Is your CSIRT team facing too many security alerts? Is your SOC has various security products that are jumbled together? Are you worried about setting the sensitivity of each product? How a severity level should be assigned to each imminent incident? These questions are hard to answer by today’s security professionals. However, security orchestration plays a crucial role in helping experts to address these questions.
As a matter of fact, the manual management of results produced by numerous security products is a difficult and time-consuming task. In addition, detected event data of each product can also be different with one another.
Another problem associated with too many security products is setting their level of sensitivity. If sensitivity is too high, the product may generate too many false positives. On the other hand, setting a low level of sensitivity may cause the product to skip even the most major incidents. Therefore, deciding the level of sensitivity for each product is a challenging task.
How Does Security Orchestration help to Automate Incident Severity Assignment?
The CSIRT team can classify incidents through their severity level, typically done by using “SEV” definition (e.g., SEV-1, SEV-2, SEV-3). The higher the number, the more serious the incident is. The severity level of each incident can be different. For example, some incidents may be less severe and cause less damage to the organization. On the contrary, other incidents may be too severe and trigger huge penalties and reputational damage. The examples include GDPR penalties and stealing employees’ sensitive information.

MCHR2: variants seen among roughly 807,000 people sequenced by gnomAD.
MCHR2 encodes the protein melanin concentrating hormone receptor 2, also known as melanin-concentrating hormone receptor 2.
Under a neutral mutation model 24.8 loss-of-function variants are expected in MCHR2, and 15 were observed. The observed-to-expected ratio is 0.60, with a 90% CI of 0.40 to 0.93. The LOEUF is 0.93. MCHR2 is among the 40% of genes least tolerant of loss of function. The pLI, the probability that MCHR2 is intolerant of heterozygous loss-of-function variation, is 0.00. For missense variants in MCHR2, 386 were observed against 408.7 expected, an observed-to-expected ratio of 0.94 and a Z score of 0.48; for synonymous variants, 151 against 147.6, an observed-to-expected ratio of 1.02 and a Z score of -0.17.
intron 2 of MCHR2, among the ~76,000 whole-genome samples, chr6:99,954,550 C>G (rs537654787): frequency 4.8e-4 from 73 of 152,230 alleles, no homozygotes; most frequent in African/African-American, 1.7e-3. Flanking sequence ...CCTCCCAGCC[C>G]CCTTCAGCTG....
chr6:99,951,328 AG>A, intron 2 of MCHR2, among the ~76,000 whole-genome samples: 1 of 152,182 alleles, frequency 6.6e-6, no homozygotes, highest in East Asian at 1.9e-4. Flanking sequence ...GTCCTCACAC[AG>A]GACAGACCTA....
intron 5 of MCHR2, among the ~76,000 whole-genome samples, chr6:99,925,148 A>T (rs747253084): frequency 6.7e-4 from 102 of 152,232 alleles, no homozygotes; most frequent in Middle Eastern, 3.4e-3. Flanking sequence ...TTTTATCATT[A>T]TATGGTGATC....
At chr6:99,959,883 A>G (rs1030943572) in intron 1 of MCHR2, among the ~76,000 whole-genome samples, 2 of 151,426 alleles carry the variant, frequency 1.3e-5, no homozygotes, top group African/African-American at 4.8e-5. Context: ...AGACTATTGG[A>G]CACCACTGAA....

To address false positive, manage various security products, and assign severity to each incident, security orchestration playbook comes into place. The security orchestration playbook not only saves analyst’s time but also ensures the accuracy of incident assignment.
Instead of opening multiple tabs and performing many actions manually, security orchestration playbook allows you to use the strength of each product by automatically assigning severity to forthcoming incidents. The following figure shows the complete working of the playbook in this regard.
Figure 1: Flowchart: How Security Orchestration Playbook Automates Incident Severity Assignment
First and foremost, the playbook checks whether existing product records the severity level of the incidents. If the severity level is detected, the playbook assigns severity in accordance with the product’s score. However, in the case of failure of this condition, the playbook will check if there is any IoC (Indicator of Compromise) existed at any Endpoint. The severity level can also be assigned based on IoCs. If there is not any IoC either, the final step is to compare the incident with those listed in the blacklist. If the incident is found in the list, the severity level is assigned. Otherwise, the playbook will close the incident.